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What If RTK Isn’t Working For Me? Early Cut-Off Kanji

So, usually, I give abstract advice, because:

  1. It lasts longer, and
  2. You need it more

But it’s certainly not all you need.

I can cook, spice and feed you sentence packs. I can give you the raw frozen fish of how to learn a language, or I can give you the fishing technique of how to become the kind of person who can make learning decisions for themselves again — the way you used to before you were schooled.

There’s a place for all three approaches, and today I’d like to talk about one: early cut-off kanji (early switching to MCDs).

Newsflash: The RTK/Heisig method doesn’t necessarily work for everyone out of the box. That doesn’t mean it’s bad and it doesn’t mean you’re bad; some clothes just don’t fit some people. Truth be told, it didn’t even work for me (in its raw form), and I promote it unreservedly, like gospel; I personally used a heavily modified and personalized variant on the Heisig method for my initial kanji acquisition. So there.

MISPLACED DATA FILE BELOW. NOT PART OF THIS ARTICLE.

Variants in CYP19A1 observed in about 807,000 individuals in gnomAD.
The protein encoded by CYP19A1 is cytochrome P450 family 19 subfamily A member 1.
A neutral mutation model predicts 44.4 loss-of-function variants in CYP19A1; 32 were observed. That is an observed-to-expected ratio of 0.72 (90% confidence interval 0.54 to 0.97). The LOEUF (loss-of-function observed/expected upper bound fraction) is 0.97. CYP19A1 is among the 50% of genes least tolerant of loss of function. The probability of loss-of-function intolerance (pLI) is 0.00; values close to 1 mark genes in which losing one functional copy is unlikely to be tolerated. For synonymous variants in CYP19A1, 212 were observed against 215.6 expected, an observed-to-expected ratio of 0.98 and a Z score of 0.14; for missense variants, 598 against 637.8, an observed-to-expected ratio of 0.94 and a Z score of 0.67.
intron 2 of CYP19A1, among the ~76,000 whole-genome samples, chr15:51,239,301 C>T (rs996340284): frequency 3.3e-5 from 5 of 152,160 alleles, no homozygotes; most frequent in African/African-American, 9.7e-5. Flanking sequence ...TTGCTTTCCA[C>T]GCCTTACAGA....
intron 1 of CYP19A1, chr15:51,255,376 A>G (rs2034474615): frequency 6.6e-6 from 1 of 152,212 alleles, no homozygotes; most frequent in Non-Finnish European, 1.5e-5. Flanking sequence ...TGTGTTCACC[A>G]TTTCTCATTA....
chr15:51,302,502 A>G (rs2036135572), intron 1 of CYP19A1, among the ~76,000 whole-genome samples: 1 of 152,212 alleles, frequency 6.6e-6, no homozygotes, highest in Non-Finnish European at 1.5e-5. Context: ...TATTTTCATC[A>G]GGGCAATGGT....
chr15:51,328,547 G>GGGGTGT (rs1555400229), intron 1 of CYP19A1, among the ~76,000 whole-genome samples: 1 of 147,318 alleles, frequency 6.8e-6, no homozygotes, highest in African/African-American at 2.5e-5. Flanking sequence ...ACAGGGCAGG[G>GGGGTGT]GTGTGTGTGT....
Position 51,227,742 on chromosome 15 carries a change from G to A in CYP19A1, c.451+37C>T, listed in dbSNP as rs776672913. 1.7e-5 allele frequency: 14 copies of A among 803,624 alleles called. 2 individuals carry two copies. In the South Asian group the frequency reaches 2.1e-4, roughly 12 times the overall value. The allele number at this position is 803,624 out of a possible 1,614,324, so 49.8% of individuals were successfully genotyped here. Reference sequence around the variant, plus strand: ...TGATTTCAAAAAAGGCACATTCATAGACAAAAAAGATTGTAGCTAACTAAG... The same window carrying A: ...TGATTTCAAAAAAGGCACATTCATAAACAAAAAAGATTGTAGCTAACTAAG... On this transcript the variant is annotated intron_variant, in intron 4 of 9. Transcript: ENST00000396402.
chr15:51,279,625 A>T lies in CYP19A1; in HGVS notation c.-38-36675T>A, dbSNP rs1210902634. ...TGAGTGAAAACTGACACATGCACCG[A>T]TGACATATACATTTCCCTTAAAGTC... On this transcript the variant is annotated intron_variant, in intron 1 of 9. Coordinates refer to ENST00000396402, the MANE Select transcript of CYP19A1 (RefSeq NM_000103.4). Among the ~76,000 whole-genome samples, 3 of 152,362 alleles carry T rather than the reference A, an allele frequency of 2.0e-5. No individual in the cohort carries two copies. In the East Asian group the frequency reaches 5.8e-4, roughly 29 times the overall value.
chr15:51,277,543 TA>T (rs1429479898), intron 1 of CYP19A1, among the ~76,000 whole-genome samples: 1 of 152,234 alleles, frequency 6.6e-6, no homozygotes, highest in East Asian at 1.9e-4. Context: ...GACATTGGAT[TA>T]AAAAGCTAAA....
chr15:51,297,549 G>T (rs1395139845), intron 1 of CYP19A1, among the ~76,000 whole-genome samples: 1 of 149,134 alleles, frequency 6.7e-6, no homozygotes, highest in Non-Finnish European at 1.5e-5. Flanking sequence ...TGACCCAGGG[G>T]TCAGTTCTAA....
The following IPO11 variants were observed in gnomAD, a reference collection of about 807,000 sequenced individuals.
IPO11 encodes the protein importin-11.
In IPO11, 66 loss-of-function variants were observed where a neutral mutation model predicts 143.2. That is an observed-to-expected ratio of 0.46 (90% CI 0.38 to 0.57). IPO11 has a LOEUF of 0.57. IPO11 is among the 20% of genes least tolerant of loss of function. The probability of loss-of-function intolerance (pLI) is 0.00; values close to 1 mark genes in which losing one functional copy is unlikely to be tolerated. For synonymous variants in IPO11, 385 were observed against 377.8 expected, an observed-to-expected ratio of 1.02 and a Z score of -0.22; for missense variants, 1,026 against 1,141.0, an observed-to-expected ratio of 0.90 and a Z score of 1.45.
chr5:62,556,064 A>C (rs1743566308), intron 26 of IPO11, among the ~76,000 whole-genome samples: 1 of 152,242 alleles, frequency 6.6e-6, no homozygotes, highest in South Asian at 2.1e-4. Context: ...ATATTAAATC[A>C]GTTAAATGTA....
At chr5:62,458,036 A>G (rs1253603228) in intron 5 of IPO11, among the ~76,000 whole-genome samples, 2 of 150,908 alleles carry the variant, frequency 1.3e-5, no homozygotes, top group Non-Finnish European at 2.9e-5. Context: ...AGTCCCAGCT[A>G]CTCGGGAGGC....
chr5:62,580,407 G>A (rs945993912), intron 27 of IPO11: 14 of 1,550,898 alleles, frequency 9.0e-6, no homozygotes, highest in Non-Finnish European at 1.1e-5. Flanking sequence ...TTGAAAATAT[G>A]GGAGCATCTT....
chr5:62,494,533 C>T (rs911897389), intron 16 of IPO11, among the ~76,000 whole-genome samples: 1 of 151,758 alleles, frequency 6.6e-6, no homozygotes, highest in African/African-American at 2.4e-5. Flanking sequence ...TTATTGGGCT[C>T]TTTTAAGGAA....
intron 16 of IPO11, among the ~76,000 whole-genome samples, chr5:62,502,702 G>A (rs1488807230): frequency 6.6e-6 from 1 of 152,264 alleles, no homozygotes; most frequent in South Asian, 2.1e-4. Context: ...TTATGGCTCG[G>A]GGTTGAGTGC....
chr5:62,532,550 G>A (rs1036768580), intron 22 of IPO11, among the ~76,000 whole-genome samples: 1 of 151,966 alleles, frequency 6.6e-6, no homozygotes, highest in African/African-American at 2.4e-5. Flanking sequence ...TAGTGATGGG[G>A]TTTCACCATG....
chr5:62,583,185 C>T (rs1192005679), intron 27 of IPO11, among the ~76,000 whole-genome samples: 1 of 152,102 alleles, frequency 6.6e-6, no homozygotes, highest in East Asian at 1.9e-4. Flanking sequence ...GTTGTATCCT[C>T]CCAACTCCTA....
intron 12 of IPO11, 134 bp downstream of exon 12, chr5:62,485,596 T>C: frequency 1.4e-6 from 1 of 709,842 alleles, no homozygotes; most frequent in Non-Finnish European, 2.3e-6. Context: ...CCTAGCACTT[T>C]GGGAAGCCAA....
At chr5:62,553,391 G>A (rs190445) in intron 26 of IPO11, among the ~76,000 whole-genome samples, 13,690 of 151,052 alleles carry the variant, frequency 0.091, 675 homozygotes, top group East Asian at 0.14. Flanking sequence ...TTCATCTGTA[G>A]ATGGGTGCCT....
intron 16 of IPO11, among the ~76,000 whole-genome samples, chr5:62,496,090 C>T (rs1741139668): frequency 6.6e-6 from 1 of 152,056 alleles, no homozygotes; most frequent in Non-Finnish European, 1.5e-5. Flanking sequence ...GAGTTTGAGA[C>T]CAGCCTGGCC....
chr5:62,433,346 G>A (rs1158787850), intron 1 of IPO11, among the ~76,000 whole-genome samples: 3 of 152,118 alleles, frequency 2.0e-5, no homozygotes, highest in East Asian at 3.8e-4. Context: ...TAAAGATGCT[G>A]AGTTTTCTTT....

What I’m about to say it going to sound like heresy. Especially to fellow Heisig grads. But it shouldn’t and I’ll tell you why: the point has never been to follow a specific or pretty or elegant or popular or widely accepted or even logical-sounding method; Heisig caught a lot of hell in the 1970s not simply to give us his method but to set us free from being forced into anyone’s method or tradition — ever again.

So here it is: